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Identification of EBV infection in adults with egg specific food allergy

Yang Pan12, Zhiyang Nie3, Yuan Zhang12, Kuo Zhang1, Jinming Li1* and Lunan Wang1*

Author Affiliations

1 National Center for Clinical Laboratories, Beijing Hospital of the Ministry of Health, NO.1 Dahua Road, Beijing, People’s Republic of China

2 Graduate School, Peking Union Medical College, Chinese Academy of Medical Sciences, Beijing, People’s Republic of China

3 Department of Transfusion, Beijing Hospital of the Ministry of Health, Beijing, People’s Republic of China

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Virology Journal 2013, 10:9  doi:10.1186/1743-422X-10-9

Published: 4 January 2013



Food allergy has been reported increasingly around the world during the past several decades. Epstein-Barr virus (EBV), a common herpesvirus with high infection rate, is now suspected to be a risk or protective factor in food allergy. The aim of the study was to investigate the possible role of EBV infection in IgE-mediated food allergy.


34 patients with an egg allergy and 34 healthy controls participated in this study. Egg allergy was confirmed by open-food challenge. Serum anti-viral capsid antigen (VCA), anti-Epstein-Barr nuclear antigen 1 (EBNA-1) IgG and egg specific (yolk and white)-IgE levels were evaluated by enzyme linked immunosorbent assay (ELISA). At the same time, EBV DNA as well as viral miRNAs in these samples was quantified by real-time PCR.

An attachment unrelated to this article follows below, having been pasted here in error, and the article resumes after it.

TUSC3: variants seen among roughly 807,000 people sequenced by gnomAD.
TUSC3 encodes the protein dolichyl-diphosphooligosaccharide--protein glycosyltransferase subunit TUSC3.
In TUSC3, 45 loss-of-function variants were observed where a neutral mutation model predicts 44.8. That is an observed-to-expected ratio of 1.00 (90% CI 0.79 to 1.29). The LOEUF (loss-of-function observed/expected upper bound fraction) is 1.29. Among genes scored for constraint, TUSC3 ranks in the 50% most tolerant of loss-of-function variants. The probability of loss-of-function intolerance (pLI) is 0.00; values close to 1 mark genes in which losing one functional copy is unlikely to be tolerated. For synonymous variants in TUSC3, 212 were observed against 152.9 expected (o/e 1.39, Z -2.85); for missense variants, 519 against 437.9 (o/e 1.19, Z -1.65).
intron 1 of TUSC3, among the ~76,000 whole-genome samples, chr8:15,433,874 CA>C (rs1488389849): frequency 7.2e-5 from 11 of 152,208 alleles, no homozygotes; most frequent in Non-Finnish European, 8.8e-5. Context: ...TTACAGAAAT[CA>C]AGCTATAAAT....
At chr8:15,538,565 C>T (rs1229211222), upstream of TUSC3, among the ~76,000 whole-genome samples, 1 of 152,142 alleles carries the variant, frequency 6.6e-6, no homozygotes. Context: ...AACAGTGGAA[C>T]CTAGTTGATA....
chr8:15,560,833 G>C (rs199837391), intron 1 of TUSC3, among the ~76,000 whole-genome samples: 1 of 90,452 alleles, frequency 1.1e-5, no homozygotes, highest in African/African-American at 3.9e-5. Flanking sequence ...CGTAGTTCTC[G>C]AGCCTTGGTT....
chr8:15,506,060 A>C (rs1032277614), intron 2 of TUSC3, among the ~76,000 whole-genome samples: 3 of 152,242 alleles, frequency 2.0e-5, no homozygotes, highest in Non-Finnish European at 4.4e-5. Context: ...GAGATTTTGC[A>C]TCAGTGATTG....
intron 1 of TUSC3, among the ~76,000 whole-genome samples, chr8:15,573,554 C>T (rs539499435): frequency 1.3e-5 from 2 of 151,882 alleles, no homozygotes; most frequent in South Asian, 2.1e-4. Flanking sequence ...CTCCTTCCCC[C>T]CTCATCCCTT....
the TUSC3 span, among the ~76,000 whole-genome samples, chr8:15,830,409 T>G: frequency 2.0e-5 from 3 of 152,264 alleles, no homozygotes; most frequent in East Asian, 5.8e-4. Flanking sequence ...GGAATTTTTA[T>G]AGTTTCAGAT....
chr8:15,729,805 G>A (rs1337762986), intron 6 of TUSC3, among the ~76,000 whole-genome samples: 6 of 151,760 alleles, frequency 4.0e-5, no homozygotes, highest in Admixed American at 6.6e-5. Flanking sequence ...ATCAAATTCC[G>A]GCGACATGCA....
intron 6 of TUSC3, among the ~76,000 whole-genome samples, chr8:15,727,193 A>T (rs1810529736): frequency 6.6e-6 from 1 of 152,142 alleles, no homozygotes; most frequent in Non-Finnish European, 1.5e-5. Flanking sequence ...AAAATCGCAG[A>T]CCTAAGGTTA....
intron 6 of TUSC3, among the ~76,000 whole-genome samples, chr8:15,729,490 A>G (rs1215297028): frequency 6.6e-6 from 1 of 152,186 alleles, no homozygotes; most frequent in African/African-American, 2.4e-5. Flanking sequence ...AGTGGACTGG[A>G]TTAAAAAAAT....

The results showed that serum anti EBNA-1 IgG and two viral miRNAs (miR-BART1-5p and miR-BART7) were highly expressed in patients with egg allergy compared with healthy controls (p < 0.05, < 0.001 and < 0.01, respectively). Moreover, the expressions of anti EBNA-1 specific IgG, miR-BART1-5p and miR-BART7 positively correlated with the level of egg-specific IgE (p < 0.05, < 0.01 and < 0.01, respectively). The differences in anti VCA IgG concentration and EBV DNA copy number between the allergy patients and control individuals were not statistically significant.


The high expression of EBV-specific antibody and miRNAs indicated that EBV infection might play a promoting role in IgE-mediated egg food allergy, and viral miRNAs-related immunomodulatory pathway was likely involved in this allergy process.

Epstein-Barr virus; Food allergy; Microrna; Specific IgE